Saturday, August 23, 2008

Beauty and theology

The purpose of theology isn't to be pretty. Which isn't to say that theology shouldn't be pretty, or worse, that it should be ugly.

I get cranked with those on both sides. We have the ones who will do virtually anything in the Mass if it's "beautiful": no matter how unorthodox or bad the teaching.

Others seem to revel in a sort of semi-puritan ugliness: ugly buildings, ugly music, ugly liturgies, and bare, naked walls.

I use the Authorized Version of the Bible, the KJV. It's usually quite beautiful, even though that's not the reason I use it. But the translation was written for public reading, unlike many of the junkier translations being pumped out by publishers, and it shows in the majesty of the renditions.

The book of Job is a good example of beautiful language in the midst of one of the most compelling stories in the scripture. The end of Job's speech in 3.28 is a good example:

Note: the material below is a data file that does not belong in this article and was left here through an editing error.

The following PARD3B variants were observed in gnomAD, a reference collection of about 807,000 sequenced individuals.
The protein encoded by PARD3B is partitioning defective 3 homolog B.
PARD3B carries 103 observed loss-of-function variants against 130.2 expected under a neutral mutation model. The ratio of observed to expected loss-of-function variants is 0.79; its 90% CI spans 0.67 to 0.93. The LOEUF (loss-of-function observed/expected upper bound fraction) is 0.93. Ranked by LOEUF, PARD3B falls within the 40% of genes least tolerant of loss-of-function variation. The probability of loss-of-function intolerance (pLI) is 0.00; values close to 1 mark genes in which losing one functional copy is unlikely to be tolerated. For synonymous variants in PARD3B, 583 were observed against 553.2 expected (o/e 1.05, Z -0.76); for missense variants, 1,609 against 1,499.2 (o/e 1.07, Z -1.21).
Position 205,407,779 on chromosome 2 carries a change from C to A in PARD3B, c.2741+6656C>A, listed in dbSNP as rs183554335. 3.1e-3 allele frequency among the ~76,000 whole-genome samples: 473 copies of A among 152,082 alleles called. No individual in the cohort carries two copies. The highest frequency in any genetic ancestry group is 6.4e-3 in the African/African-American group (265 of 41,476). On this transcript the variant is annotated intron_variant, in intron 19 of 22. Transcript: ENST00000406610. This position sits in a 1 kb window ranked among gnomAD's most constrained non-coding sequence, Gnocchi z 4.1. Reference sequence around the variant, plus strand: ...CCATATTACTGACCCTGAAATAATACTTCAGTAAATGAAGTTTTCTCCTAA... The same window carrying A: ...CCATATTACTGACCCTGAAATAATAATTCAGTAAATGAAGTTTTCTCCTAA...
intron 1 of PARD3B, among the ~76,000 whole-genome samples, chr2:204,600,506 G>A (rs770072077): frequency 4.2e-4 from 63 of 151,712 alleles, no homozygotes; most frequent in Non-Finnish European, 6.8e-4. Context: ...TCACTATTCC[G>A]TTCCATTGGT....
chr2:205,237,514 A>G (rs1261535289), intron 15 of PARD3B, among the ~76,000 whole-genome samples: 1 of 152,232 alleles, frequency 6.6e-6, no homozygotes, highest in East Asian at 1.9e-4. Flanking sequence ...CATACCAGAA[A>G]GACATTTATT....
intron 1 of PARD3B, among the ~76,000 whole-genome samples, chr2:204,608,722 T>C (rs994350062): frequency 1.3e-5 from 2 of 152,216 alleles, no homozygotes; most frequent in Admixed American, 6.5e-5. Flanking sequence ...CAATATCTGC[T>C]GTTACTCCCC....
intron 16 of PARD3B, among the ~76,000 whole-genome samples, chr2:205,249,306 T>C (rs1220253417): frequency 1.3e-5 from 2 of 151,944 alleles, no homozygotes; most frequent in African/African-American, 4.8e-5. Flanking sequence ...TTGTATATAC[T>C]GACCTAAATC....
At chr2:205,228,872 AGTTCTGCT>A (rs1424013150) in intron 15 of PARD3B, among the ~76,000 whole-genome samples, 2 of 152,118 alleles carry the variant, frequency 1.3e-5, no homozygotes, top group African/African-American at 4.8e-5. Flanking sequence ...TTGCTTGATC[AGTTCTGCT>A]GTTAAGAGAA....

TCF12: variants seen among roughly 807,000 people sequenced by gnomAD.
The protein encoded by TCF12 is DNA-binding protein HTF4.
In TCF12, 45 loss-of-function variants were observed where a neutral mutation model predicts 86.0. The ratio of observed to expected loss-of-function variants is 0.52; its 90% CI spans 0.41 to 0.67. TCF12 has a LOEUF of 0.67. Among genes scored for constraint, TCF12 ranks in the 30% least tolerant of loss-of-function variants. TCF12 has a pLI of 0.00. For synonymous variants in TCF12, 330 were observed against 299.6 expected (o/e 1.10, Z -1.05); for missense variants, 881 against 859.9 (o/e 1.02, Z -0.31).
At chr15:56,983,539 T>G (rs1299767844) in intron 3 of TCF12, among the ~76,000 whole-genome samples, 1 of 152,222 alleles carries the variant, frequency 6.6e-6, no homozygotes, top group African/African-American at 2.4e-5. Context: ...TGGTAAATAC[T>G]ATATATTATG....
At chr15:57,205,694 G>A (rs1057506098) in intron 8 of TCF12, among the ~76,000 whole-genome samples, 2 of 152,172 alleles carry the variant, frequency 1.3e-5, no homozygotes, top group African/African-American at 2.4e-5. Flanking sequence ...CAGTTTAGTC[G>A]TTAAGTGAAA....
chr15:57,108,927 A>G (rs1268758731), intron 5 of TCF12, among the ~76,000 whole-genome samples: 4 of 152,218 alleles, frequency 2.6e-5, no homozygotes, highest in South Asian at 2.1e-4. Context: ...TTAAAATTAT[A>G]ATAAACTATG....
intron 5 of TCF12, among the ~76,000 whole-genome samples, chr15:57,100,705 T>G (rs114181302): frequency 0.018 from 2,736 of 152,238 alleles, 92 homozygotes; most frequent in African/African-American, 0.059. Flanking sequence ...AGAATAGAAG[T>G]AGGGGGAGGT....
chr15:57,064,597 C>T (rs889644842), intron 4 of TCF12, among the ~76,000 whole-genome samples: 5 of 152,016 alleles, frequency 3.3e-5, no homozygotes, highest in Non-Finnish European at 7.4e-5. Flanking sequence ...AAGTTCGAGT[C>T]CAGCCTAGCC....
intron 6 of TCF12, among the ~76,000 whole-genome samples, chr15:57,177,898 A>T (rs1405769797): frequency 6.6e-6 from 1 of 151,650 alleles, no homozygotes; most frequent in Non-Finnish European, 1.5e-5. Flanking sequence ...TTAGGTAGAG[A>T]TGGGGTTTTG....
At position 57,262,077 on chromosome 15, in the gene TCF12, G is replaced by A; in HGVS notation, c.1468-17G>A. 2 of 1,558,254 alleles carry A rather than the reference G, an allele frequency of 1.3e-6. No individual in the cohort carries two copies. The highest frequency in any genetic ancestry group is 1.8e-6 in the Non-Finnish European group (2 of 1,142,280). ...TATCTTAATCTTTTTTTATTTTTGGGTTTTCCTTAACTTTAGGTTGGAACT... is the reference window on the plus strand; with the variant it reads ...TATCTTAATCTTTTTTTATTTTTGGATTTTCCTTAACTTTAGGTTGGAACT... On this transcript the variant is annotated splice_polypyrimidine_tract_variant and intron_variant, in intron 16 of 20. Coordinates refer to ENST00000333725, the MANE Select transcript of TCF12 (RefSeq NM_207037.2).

"I was not in safety, neither had I rest, neither was I quiet; yet trouble came."

Likewise, Psalm 101:

"I will sing of mercy and judgment: unto thee, O LORD, will I sing.

2 I will behave myself wisely in a perfect way. O when wilt thou come unto me? I will walk within my house with a perfect heart.

3 I will set no wicked thing before mine eyes: I hate the work of them that turn aside; it shall not cleave to me.

4 A froward heart shall depart from me: I will not know a wicked person.

5 Whoso privily slandereth his neighbour, him will I cut off: him that hath an high look and a proud heart will not I suffer.

6 Mine eyes shall be upon the faithful of the land, that they may dwell with me: he that walketh in a perfect way, he shall serve me.

7 He that worketh deceit shall not dwell within my house: he that telleth lies shall not tarry in my sight.

8 I will early destroy all the wicked of the land; that I may cut off all wicked doers from the city of the LORD."

If you haven't used a KJV in a while, give it another shot. There are many reasons for using this translation. The beauty of the language isn't sufficient, but the beauty is still compelling to me.

No comments: